What Is An IPO?
IPOS present an exciting adventure into the world of risk for the avid investor and speculator alike. Often, the reward can be a large profit. What is an IPO you ask? Read on to find out more.
Remember, every blue chip stock trading on the markets today was, at one time, an IPO. On the down side, consider too, all those share certificates cluttering dresser drawers or sitting in strong boxes of dusty attics, representing the dreams of investors who put money into companies that no one remembers.
What is an IPO? An IPO, or initial public offering, is when a privately held company makes its first share offering to the public.
The shares which the company puts on the market are directly owned and issued by the company, so that when they are purchased by the public, the cash generated goes directly to the company. As opposed to future trades of those shares on the market, in which case the cash transfers from one investor to another. The intent an IPO is to raise capital necessary to carry out some form of a corporate growth plan. Of course, you can readily see, the uncertainty in knowing what the stock will do once market trading begins.
IPOs are not always issued by small, start-ups or companies that are not much more than a great idea, though these are definitely most intriguing. Many IPOs are issued from well established, well run, privately owned companies which for various reasons, find themselves in transition, and going public becomes a part of that change. These organizations come with an established financial track record which can be assessed and diagnosed before turning over your cash.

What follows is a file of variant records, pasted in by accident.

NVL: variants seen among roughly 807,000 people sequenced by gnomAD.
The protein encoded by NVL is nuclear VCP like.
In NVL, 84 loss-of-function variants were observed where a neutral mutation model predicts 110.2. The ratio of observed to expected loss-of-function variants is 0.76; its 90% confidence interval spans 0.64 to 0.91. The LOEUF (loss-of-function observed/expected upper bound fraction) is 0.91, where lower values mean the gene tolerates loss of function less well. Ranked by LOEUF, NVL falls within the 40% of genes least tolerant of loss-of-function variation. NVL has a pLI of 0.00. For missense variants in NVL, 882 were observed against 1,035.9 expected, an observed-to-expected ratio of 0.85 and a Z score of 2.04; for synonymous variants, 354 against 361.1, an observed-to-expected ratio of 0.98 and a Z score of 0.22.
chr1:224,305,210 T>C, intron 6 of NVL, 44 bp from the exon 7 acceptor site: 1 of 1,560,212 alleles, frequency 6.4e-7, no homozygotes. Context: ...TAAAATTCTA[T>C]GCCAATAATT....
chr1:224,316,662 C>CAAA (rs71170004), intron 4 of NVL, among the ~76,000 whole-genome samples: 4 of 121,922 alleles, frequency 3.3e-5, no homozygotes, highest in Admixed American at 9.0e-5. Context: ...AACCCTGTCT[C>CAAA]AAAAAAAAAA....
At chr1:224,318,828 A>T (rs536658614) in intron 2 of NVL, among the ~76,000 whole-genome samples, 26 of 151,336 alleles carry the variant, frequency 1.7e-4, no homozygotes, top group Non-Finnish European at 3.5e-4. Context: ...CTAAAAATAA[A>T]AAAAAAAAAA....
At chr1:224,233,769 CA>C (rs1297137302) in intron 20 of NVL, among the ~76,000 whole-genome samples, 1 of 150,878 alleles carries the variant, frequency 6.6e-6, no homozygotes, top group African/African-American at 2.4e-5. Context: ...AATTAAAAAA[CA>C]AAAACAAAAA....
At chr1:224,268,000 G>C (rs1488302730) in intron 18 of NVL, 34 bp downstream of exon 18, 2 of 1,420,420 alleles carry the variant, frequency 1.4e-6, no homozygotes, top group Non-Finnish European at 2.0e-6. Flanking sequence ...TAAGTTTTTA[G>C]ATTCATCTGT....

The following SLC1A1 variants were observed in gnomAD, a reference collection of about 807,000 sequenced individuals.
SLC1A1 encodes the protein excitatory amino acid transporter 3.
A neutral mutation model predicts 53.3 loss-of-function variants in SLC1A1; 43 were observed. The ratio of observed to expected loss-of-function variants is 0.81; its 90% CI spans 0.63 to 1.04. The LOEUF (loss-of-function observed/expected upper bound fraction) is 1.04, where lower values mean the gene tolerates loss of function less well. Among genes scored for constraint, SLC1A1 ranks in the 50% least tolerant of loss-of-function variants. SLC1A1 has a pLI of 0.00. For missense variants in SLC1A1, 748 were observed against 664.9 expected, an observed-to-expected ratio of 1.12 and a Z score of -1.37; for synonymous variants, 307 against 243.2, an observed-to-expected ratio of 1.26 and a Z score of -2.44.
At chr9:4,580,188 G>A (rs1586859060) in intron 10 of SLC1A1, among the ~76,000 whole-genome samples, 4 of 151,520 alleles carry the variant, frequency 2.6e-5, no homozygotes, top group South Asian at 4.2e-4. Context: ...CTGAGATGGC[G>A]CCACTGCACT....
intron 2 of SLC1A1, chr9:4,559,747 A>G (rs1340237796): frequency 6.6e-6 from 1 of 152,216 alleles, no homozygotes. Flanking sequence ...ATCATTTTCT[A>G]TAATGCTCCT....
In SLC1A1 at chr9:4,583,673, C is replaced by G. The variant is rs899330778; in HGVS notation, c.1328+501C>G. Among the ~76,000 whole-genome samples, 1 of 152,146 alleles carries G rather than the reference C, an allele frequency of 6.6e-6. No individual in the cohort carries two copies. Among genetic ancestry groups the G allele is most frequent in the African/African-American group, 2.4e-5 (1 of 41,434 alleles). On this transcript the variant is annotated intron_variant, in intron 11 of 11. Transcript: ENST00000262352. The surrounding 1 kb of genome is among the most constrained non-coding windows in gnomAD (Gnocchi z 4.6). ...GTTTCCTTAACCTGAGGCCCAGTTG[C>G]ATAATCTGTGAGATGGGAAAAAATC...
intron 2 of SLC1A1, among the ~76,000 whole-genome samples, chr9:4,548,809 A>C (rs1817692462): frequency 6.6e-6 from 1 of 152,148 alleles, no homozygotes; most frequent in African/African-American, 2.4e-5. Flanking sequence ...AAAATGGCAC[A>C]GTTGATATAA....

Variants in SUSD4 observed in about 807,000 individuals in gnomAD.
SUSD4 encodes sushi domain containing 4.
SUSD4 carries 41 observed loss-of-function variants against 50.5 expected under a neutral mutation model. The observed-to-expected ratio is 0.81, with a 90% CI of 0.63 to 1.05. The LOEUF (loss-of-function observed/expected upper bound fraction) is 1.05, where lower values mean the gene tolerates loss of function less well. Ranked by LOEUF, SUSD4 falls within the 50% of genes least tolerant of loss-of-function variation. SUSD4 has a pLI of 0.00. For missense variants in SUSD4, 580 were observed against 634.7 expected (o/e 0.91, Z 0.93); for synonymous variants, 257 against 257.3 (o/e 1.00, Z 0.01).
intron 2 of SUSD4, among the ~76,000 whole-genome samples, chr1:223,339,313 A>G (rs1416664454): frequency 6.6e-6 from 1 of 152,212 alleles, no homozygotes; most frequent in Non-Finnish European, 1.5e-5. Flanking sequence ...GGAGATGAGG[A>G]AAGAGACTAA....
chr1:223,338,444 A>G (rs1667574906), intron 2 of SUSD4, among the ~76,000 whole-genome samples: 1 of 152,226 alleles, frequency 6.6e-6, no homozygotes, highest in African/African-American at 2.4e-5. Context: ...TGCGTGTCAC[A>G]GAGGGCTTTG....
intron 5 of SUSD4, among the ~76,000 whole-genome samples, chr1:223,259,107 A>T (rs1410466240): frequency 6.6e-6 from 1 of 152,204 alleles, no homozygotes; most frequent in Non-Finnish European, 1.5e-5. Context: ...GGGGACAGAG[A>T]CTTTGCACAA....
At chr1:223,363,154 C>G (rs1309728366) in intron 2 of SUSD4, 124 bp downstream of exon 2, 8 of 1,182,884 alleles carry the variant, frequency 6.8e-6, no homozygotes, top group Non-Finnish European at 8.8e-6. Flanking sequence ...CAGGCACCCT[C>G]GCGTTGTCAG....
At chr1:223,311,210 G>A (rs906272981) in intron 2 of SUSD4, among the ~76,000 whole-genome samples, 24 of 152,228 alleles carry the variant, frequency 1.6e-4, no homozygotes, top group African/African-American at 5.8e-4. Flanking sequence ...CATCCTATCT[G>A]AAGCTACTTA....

Historically, there was a time new ventures could just start up and issue stock to a willing public with unbridled restraint. Have an idea, a concept, just sell a piece of it. That is often how IPOs used to take shape. Obviously, that approach became a wide-open door to swindlers and was wrought with fraud. Up stepped various levels of government with legislation to protect its citizens, self-regulating industry agencies to enforce compliance, and watchdog organizations to monitor activities. Now-a-days the road to an Initial Public Offering is not an easy one. There are some stringent prerequisites to meet and sometimes tough ongoing regulations which must be adhered. All this makes it easier for the investor to do his homework and reduce corporate deceit, but to be sure, there are still no guarantees.
For some companies, the cost can be a delaying or even prohibitive factor and for others it might be the amount of reporting and required supporting documentation filings with the appropriate security exchange commissions holding them back from an IPO.
In Canada, the process of selling shares to the public for the first time is only slightly less complicated and less expensive. There were 90 IPO’s which made it all the way to the TSX and TSX Venture exchanges in 2007. The combined value of the equity raised by these issues was $3.4 billion. That is much less activity than the norm over the past decade. By comparison, 109 new issues worth $5.6 billion made their way on to those markets in 2006.